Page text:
Oceanside's demise shakes up tomato industry

10/10/2011 11:18:00 AM
Fred Wilkinson

OCEANSIDE, Calif. — Most grower-shippers in Baja California and Southern California believe the April closure of Oceanside Pole Tomato Sales Inc. and its growing operation, Harry Singh & Sons, Oceanside, will affect the coming tomato deal, but how much of an effect it will have is anybody’s guess.

It’s going to have a profound effect,” said Brian Bernauer, sales director for Fresh Pac International, Oceanside. “I think there’s going to be less California vine-ripes.”

In early August, Bernauer said he saw signs of shortages of vine-ripe tomatoes, but he said that might open the door for romas.

“I would think that if there’s less tomatoes as a whole, the roma (deal), with good supplies, may take up some of that gap,” he said.

Danny Uribe, sales manager for Pinos Produce Inc., San Diego, believes the closure will have some effect because no one has the capacity to pick up Oceanside’s volume in one season.

I’m not sure you’d want to,” he added, with a full economic recovery still a long way off.

Even without Oceanside Pole, the industry “is just barely making it,” he said.

Planting additional vine-ripes to fill the gap would be difficult because there isn’t enough land available, said David Cook, sales manager for Deardorff Family Farms, Oxnard, Calif.
Even if more tomatoes were planted, Cook said he’s not sure how many he could sell.

“It’s a fairly significant change,” said Mark Munger, vice president of marketing for Andrew & Williamson Fresh Produce, San Diego.

Anytime you take that volume out in the short run, it’s going to leave a ripple effect,” he said. “In the long run, the tomato industry will fill in the gaps and holes.”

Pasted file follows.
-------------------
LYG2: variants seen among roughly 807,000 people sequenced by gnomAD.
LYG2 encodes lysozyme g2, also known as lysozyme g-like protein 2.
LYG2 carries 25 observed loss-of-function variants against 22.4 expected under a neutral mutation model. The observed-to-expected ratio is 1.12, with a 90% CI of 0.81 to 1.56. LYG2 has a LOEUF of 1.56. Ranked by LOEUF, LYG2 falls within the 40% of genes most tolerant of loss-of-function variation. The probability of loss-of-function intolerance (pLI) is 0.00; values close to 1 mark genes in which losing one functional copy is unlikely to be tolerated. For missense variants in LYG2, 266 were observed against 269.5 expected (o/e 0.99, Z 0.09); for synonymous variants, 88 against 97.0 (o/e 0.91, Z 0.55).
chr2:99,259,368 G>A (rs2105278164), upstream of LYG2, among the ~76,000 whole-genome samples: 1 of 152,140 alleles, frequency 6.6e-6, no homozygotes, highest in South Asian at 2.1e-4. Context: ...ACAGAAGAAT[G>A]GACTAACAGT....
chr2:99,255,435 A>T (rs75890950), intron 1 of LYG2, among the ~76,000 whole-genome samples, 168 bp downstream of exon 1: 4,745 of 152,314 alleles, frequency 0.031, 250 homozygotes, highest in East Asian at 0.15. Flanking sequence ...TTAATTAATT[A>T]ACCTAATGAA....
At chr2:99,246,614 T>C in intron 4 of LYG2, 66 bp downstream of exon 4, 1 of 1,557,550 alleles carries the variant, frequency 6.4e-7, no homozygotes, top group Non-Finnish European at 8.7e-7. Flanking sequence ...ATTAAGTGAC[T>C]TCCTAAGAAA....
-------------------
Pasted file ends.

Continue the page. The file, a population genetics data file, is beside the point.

He was not sure if Andrew & Williamson would end up with more business, but he said the closing presented the firm with an opportunity.

The closing was expected to have an effect on the West Coast, and it has, said Rob Pearson, sales manager for Naples, Fla.-based Gargiulo Inc., which has a tomato deal in Oxnard.

“I think it’s very unfortunate, what happened to Oceanside,” said Casey Houweling, president of Houweling Nurseries Oxnard Inc., Camarillo. “There was room for both us in the market.”

He said the closing will offer growth opportunities.

“From a marketing perspective, there are great opportunities in California at this point,” he said.

Oceanside Pole cited high costs of labor and water, competition from Mexico, California’s tough regulatory environment and the fact that the company had lost its lease on about 350 acres of land from the U.S. Marine Corps at Camp Pendleton as reasons for its closure.

The company, in business more than 70 years, shipped under the Oceanside Pole and Cal-Tom labels.



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